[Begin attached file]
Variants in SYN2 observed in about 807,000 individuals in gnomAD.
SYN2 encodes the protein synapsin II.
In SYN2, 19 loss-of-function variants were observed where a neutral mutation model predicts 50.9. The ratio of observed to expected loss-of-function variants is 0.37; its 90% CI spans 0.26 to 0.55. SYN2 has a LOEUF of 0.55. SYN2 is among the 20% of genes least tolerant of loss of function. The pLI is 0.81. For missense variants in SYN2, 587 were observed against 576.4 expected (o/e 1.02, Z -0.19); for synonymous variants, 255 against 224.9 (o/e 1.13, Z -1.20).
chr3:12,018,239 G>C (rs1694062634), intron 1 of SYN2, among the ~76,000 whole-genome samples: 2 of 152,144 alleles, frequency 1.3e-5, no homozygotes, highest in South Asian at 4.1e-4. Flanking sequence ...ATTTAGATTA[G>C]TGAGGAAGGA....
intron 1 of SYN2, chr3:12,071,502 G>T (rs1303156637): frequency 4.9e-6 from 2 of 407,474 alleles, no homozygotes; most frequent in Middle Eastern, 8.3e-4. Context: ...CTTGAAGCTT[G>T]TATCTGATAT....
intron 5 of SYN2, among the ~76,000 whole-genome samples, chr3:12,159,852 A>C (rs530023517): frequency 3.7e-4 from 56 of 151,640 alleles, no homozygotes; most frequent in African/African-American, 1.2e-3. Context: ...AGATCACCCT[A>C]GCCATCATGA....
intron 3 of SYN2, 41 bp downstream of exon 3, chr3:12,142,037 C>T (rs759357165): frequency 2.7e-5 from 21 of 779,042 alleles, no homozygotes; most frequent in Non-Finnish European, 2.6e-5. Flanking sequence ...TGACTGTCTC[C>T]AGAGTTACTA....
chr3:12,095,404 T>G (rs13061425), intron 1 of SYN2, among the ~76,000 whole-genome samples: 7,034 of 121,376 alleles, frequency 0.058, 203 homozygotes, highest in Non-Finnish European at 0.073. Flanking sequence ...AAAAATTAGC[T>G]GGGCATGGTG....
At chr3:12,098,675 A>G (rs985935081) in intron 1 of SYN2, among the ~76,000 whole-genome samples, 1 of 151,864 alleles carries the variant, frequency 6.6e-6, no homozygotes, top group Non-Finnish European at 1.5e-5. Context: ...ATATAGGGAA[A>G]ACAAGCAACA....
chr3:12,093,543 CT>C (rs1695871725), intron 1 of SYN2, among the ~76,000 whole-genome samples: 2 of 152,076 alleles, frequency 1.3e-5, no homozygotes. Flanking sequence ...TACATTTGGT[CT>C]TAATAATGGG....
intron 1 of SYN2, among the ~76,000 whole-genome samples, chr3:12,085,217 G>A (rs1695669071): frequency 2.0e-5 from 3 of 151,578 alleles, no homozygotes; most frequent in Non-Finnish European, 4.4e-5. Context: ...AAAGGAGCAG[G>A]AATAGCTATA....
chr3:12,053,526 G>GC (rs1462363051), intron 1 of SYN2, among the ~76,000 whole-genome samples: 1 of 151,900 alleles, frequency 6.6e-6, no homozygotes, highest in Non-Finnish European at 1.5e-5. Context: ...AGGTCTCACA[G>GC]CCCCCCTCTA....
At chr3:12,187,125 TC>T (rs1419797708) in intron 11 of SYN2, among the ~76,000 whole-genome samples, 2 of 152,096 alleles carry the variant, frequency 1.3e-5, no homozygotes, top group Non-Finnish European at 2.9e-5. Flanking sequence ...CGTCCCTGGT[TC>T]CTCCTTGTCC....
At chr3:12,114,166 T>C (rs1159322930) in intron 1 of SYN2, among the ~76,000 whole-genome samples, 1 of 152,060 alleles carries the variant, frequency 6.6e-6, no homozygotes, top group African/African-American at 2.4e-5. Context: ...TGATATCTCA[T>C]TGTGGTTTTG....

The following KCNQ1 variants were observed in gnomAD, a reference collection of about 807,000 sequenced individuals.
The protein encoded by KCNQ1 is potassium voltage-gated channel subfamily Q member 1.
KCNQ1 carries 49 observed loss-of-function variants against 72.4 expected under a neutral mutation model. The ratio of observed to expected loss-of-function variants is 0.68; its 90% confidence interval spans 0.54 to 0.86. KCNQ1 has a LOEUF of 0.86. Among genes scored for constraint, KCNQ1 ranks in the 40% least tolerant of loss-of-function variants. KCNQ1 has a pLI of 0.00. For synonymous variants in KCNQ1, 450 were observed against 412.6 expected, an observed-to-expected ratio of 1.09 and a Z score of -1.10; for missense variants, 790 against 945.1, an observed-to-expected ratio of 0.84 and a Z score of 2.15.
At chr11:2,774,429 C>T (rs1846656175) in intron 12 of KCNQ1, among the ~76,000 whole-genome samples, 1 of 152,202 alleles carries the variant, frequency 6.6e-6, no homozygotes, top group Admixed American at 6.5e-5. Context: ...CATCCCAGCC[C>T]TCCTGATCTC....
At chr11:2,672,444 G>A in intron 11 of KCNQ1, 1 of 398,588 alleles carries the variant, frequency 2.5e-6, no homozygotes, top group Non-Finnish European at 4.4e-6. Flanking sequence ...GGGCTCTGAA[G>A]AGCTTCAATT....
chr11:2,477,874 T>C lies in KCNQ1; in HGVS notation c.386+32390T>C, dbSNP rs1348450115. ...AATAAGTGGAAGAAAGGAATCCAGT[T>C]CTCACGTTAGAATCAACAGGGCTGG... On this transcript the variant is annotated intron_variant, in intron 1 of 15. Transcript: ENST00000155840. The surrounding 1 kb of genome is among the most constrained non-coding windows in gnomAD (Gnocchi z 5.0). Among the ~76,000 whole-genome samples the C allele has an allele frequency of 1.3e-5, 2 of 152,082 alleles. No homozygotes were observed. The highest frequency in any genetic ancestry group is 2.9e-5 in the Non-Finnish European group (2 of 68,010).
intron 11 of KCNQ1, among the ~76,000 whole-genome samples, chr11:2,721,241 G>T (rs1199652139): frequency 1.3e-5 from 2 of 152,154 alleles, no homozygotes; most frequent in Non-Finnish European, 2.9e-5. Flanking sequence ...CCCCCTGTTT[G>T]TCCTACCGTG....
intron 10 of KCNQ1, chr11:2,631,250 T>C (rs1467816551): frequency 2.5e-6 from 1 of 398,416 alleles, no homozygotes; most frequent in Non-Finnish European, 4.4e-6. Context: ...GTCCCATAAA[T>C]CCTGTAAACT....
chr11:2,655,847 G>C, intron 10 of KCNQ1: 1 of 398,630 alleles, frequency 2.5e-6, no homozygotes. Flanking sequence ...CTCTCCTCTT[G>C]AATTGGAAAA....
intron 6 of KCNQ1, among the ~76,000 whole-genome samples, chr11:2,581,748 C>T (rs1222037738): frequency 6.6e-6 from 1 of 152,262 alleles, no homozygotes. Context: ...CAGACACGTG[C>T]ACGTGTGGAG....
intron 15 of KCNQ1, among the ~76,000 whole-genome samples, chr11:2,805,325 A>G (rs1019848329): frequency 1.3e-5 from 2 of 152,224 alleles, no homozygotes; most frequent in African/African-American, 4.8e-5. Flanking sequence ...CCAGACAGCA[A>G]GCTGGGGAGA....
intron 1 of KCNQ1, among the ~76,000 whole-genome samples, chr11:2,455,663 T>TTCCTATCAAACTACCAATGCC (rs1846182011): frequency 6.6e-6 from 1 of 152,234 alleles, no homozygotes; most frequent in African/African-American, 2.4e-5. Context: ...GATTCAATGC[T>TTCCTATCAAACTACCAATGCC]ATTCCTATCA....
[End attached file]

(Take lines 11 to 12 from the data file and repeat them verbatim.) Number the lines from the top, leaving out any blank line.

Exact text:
intron 1 of SYN2, among the ~76,000 whole-genome samples, chr3:12,085,217 G>A (rs1695669071): frequency 2.0e-5 from 3 of 151,578 alleles, no homozygotes; most frequent in Non-Finnish European, 4.4e-5. Context: ...AAAGGAGCAG[G>A]AATAGCTATA....
chr3:12,053,526 G>GC (rs1462363051), intron 1 of SYN2, among the ~76,000 whole-genome samples: 1 of 151,900 alleles, frequency 6.6e-6, no homozygotes, highest in Non-Finnish European at 1.5e-5. Context: ...AGGTCTCACA[G>GC]CCCCCCTCTA....